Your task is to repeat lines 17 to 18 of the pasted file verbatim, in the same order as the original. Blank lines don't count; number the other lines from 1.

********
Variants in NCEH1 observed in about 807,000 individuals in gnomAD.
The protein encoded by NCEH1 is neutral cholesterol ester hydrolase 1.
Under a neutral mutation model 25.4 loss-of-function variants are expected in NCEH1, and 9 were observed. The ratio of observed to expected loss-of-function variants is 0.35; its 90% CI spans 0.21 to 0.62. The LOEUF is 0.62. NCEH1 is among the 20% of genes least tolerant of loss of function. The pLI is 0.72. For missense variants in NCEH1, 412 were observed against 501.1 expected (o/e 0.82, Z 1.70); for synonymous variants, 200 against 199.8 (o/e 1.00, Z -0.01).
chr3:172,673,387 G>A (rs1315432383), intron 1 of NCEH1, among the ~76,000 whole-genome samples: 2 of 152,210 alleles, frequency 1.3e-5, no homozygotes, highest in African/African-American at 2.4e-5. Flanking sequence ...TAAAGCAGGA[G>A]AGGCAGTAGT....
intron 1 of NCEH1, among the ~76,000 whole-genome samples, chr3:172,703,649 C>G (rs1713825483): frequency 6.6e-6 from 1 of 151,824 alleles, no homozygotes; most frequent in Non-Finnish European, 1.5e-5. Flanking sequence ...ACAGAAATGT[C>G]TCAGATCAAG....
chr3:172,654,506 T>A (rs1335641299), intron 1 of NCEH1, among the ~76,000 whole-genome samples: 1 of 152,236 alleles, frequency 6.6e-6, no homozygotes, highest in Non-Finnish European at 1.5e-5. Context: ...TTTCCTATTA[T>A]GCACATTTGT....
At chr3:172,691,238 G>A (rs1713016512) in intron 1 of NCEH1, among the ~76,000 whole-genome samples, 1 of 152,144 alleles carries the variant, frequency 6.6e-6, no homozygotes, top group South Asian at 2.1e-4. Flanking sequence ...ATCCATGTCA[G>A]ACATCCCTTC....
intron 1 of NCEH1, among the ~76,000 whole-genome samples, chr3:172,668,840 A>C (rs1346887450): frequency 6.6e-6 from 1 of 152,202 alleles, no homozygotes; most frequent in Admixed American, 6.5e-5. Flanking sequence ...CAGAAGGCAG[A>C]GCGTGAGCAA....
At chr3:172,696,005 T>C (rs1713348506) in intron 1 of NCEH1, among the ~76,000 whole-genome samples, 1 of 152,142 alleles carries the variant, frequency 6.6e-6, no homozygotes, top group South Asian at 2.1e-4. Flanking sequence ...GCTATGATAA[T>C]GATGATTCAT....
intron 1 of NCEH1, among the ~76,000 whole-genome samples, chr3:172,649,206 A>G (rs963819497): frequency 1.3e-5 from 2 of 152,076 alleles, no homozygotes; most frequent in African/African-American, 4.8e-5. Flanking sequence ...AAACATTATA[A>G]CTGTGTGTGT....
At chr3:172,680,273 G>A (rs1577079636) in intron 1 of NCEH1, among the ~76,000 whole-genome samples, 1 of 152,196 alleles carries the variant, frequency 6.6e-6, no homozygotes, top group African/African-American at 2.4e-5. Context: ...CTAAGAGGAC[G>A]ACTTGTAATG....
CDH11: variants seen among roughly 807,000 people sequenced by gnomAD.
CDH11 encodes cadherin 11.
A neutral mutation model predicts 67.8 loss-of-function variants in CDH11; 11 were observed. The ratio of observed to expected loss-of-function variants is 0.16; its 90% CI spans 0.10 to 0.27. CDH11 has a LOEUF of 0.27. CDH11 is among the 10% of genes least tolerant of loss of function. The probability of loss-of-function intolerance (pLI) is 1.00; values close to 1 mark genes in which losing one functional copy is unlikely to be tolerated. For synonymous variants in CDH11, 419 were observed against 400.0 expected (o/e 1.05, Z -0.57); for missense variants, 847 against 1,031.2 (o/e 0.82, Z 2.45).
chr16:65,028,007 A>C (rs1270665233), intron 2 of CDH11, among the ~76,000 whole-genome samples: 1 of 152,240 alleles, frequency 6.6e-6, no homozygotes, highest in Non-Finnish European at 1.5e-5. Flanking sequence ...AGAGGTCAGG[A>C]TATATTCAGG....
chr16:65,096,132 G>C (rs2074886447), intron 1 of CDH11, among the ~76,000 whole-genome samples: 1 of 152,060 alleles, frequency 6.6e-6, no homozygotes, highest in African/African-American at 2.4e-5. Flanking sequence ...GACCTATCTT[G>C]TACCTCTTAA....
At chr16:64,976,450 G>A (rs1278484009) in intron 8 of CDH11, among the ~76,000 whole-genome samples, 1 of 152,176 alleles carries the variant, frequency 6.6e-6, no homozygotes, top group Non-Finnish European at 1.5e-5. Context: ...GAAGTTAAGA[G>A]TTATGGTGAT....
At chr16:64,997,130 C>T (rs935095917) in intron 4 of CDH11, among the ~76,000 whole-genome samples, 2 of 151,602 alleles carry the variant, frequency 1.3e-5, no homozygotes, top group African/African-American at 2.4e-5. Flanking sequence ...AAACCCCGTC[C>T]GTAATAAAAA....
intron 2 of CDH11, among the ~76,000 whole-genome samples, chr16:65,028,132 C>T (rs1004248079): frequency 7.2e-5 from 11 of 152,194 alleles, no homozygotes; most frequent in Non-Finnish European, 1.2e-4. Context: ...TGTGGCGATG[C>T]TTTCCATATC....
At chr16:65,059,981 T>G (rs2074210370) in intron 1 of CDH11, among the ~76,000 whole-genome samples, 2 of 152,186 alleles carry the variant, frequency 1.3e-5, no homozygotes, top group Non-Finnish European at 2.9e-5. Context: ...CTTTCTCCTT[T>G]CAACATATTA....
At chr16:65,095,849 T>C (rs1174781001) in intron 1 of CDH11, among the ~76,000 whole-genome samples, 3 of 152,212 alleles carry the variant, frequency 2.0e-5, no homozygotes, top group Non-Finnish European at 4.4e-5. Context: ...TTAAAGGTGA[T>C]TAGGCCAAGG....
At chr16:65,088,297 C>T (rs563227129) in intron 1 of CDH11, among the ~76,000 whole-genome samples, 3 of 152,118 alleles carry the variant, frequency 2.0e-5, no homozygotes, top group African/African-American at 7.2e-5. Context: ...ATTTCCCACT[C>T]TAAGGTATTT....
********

At chr16:64,976,450 G>A (rs1278484009) in intron 8 of CDH11, among the ~76,000 whole-genome samples, 1 of 152,176 alleles carries the variant, frequency 6.6e-6, no homozygotes, top group Non-Finnish European at 1.5e-5. Context: ...GAAGTTAAGA[G>A]TTATGGTGAT....
At chr16:64,997,130 C>T (rs935095917) in intron 4 of CDH11, among the ~76,000 whole-genome samples, 2 of 151,602 alleles carry the variant, frequency 1.3e-5, no homozygotes, top group African/African-American at 2.4e-5. Flanking sequence ...AAACCCCGTC[C>T]GTAATAAAAA....